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Lessons from the past.

In the race to get older, we often leave behind a part of ourselves that we think we don’t need: our inner child. With the world telling us to ‘grow up,’ to ‘be more mature,’ and to ‘act like an adult’ it’s hard to hold onto the beautiful, unfiltered simplicity, clarity and wisdom of childhood. We shed our childhood in exchange for a boring, stiff, uncomfortable adult suit (sometimes literally). Don’t get me wrong. Maturing, learning, and growing is a part of life, and I’m not saying we revert back to rolling-around-on-the-ground temper tantrums in the grocery store, but there is an undeniable wisdom in the way the brain of a child works, and this wisdom is very easy to lose as we get older.

Here are 10 things that kids do without thinking twice. If we as adults bring more of this into our lives, it might just make us a bit happier.

1. Play

As we grow older, play is often replaced with responsibilities and we relegate it to the realm of the frivolous. But play isn’t a time-waster—it’s a vital part of our lives. It fosters creativity, reduces stress, and connects us with others. Play doesn’t necessarily mean structured games; it can be as simple as dancing in the kitchen while cooking, going for a bike ride without a destination in mind, or aimlessly doodling on a notepad. Playing with others teaches us important social dynamics in a fluid and unpredictable environment. This type of environment is hard to come by in the structure of the corporate world.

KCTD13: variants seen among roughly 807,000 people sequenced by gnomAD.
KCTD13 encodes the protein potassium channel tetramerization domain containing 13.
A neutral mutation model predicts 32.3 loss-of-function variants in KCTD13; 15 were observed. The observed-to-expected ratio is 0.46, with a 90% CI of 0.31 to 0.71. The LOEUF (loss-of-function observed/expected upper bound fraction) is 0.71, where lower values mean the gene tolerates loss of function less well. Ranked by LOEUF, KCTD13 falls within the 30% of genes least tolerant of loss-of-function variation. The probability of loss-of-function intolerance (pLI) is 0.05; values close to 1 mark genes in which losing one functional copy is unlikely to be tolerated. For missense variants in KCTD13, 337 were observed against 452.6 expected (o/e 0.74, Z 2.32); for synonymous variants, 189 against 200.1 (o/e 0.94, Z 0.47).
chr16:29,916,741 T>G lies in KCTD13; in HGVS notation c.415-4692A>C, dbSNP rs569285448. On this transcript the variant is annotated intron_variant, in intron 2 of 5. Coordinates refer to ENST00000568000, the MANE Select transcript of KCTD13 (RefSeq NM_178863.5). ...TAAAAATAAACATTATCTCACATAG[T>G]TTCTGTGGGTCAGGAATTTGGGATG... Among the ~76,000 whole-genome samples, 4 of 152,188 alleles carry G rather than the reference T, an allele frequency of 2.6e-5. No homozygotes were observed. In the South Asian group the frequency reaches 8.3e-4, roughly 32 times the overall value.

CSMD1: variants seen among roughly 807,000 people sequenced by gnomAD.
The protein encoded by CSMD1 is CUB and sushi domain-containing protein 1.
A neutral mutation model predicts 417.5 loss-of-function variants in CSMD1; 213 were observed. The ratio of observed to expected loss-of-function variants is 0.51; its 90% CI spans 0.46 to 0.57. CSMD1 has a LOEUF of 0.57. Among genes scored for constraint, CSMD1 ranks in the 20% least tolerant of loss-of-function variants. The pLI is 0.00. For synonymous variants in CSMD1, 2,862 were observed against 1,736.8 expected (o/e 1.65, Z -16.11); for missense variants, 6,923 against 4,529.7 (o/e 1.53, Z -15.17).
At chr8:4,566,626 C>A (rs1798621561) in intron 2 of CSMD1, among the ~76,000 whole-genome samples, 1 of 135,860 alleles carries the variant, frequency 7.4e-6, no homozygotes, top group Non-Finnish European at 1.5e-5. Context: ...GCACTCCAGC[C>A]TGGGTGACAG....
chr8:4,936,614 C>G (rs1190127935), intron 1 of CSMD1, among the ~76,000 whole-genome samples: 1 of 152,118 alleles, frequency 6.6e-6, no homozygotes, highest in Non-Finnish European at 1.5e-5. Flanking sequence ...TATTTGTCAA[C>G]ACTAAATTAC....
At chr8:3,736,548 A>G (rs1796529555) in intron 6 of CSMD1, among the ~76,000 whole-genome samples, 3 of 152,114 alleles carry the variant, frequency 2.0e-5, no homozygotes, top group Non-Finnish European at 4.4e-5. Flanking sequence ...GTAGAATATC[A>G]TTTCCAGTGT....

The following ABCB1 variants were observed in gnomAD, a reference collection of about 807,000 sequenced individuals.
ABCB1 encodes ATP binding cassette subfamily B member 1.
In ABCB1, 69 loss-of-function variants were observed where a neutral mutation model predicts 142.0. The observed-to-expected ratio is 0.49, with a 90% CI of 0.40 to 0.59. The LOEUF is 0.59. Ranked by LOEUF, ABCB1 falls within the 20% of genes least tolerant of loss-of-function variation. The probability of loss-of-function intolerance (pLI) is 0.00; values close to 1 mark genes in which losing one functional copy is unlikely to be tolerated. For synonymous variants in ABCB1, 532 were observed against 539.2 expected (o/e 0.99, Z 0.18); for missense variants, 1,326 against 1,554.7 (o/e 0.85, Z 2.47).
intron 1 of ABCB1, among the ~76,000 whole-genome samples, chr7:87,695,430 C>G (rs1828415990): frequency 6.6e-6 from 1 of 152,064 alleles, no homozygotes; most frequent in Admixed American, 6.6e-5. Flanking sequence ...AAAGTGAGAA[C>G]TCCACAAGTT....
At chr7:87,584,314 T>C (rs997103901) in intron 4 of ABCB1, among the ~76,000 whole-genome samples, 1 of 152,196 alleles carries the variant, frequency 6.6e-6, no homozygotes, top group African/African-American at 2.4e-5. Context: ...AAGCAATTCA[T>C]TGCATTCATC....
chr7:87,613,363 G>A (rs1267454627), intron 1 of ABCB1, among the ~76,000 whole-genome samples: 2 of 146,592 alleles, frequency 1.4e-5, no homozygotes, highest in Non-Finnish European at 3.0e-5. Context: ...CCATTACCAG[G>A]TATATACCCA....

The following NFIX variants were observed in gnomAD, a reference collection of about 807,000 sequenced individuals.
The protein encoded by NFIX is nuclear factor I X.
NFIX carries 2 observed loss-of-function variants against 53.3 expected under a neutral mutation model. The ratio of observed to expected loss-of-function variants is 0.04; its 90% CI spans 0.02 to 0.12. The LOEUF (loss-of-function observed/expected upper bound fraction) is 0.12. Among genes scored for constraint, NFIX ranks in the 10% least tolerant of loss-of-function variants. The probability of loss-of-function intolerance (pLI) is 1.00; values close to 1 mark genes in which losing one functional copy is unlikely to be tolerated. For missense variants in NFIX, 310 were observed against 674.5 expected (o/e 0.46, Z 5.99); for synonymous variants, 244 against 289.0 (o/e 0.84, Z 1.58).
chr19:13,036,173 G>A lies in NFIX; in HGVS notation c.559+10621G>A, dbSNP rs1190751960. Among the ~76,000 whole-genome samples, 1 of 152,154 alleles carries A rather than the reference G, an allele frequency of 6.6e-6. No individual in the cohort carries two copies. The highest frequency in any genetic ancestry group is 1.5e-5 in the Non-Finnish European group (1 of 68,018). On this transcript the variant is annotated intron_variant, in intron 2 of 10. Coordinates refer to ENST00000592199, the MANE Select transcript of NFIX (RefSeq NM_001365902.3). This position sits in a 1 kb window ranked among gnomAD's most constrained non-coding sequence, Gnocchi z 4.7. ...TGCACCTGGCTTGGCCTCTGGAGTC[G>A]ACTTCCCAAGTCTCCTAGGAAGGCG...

Play is also just straight up fun. Let’s reclaim the joy of play.

2. Be brutally honest

Kids embarrass us with their unfiltered truth-bombs but that raw honesty is refreshing. Like the time my brother embarrassed my mom as he introduced our family to a random adult: “I’m John and I’m 11, my sister Erin is 14, my brother Chris is 12, my sister Moira is 7, and my mom is 45.”

As adults, we feel this weird pressure to adhere to social niceties, and we’ve forgotten the liberating and connective power of honest communication. Yes, tact is vital but it shouldn’t shroud the truth. Let’s strive to balance our conversations with honesty, empathy and curiosity, a few skills many of us lose along the way.

3. Be Curious

Kids are relentless with their questions, their eyes wide with fascination at this vast, intriguing world. “Why is the sky blue?” “How does the TV work?” They are sponges, eager to soak up knowledge. As adults, we often stop asking ‘why’, assuming we already know all the answers. But this assumption is our folly. The world is an infinite source of wonder and knowledge, and no one ever learned anything new by pretending to know everything. Let’s rediscover our curiosity and strive to keep learning, every single day.

4. Have No Ego

In a child’s world, there is no place for ego. They don’t measure their worth against others. They don’t judge, they just are. Kids set aside ego in search for connection. Then as we get older, this flips, and we set aside connection in exchange for ego. Our self-importance often stands as a barrier to genuine relationships, personal growth, and humility.